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“Mid-Terms”
Luke 9:37-62

Bob DeGray

Preaching Date: June 16, 2019
Key Sentence: What area of discipleship do you need to work on?

Outline:
I. Confidence (37-45) Do I have confidence when Jesus is out of sight? Do I have confidence in his program?
II. "I" Trouble (46-56) Do I have "I" trouble in my relationships? Do I suffer from spiritual intolerance? Am I compassionate toward those who oppose me?
Ill Priorities (57-62) Is Jesus more important than my comfort? Is Jesus more important than my duty? Is Jesus more important than my affections?

Message:

According to my calculations I have something like 24 college semesters under my belt. My kids have another 40 or more, I would guess, and as a result of all that I have somewhat of a twitchy relationship with the word “mid-terms” The problem is not a big test in the middle of the semester. The problem is that teachers are devious. They frequently have a hidden purpose in what they do. Their mid-terms have one real purpose that I can see, to shock you into the reality that this course is half over and you're not ready yet for the finals.

Reading the section of Luke we’re studying this morning, is a lot like reading a mid-term exam, that was taken by the disciples. And they didn't do too well on it. Jesus jolts them into the reality that their discipleship is not too good. They still have a lot to learn before the finals. So the question of the day is: what about you? What about me? Do we still have a lot to learn? How would we do on this mid-term exam? What area of discipleship do you or I need to work on? As I see this text it’s a midterm with at least eight essay questions, divided into three main categories: Confidence, “I” trouble and priorities.

We start with Luke 9:37-45 On the next day, when they had come down from the mountain, a great crowd met him. 38And behold, a man from the crowd cried out, “Teacher, I beg you to look at my son, for he is my only child. 39And behold, a spirit seizes him, and he suddenly cries out. It convulses him so that he foams at the mouth, and shatters him, and will hardly leave him. 40And I begged your disciples to cast it out, but they could not.” 41Jesus answered, “O faithless and twisted generation, how long am I to be with you and bear with you? Bring your son here.” 42While he was coming, the demon threw him to the ground and convulsed him. But Jesus rebuked the unclean spirit and healed the boy, and gave him back to his father. 43And all were astonished at the majesty of God. But while they were all marveling at everything he was doing, Jesus said to his disciples, 44“Let these words sink into your ears: The Son of Man is about to be delivered into the hands of men.” 45But they did not understand this saying, and it was concealed from them, so that they might not perceive it. And they were afraid to ask him about this saying.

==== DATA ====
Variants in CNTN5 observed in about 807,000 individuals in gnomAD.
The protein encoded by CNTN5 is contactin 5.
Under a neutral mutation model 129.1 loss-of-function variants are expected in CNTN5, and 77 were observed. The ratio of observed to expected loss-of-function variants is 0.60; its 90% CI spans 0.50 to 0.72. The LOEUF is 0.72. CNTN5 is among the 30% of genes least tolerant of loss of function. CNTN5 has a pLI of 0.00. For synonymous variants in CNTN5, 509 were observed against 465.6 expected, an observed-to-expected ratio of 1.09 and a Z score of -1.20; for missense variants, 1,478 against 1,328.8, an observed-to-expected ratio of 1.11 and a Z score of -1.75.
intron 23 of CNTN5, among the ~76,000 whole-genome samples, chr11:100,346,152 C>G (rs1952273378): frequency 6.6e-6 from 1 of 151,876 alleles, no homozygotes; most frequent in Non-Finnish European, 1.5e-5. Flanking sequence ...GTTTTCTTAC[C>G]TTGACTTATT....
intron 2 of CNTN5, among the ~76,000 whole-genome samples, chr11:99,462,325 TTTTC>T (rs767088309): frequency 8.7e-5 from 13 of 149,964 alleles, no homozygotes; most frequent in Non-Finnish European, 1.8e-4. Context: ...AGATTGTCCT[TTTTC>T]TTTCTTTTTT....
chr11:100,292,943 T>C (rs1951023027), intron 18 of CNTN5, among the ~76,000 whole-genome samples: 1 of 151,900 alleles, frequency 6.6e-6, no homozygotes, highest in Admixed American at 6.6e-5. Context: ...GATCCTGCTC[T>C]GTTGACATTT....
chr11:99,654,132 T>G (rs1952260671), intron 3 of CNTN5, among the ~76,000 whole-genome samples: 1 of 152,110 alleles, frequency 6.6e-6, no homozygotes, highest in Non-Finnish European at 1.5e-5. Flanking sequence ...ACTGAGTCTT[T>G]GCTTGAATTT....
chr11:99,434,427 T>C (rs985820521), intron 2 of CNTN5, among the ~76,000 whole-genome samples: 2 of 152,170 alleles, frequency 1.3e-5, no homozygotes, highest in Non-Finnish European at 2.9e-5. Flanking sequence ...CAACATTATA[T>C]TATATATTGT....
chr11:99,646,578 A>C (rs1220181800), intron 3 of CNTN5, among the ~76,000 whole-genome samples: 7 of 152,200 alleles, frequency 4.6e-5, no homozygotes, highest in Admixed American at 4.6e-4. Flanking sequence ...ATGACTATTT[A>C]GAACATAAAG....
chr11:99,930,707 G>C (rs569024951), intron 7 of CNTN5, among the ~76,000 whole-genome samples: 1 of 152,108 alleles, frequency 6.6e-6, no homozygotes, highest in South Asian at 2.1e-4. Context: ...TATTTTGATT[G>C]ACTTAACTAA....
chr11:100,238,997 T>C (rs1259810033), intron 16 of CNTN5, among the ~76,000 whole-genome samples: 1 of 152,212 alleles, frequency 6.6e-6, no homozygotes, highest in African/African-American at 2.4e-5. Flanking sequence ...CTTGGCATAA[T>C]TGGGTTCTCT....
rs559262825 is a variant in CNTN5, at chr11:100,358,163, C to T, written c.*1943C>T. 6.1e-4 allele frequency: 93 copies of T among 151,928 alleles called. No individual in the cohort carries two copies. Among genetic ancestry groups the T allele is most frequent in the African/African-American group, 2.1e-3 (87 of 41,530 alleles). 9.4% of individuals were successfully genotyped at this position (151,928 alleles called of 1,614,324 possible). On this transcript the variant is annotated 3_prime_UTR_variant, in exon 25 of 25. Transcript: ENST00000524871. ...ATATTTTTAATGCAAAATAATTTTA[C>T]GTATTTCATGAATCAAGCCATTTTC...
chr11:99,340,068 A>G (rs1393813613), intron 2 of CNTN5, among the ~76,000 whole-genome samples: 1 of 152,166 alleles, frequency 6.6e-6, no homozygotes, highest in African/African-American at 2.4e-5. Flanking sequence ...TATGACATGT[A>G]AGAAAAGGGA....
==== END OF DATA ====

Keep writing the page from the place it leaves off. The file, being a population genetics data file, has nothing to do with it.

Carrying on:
The title of this section is confidence, though I might also have called it faith. And the first question on your mid-term is this: Do you have confidence when Jesus is out of sight? Do you have faith when Jesus is out of sight? Remember, Jesus has just been up on a mountain with three of his disciples, and has been revealed as the Christ, the Messiah and the beloved Son of God.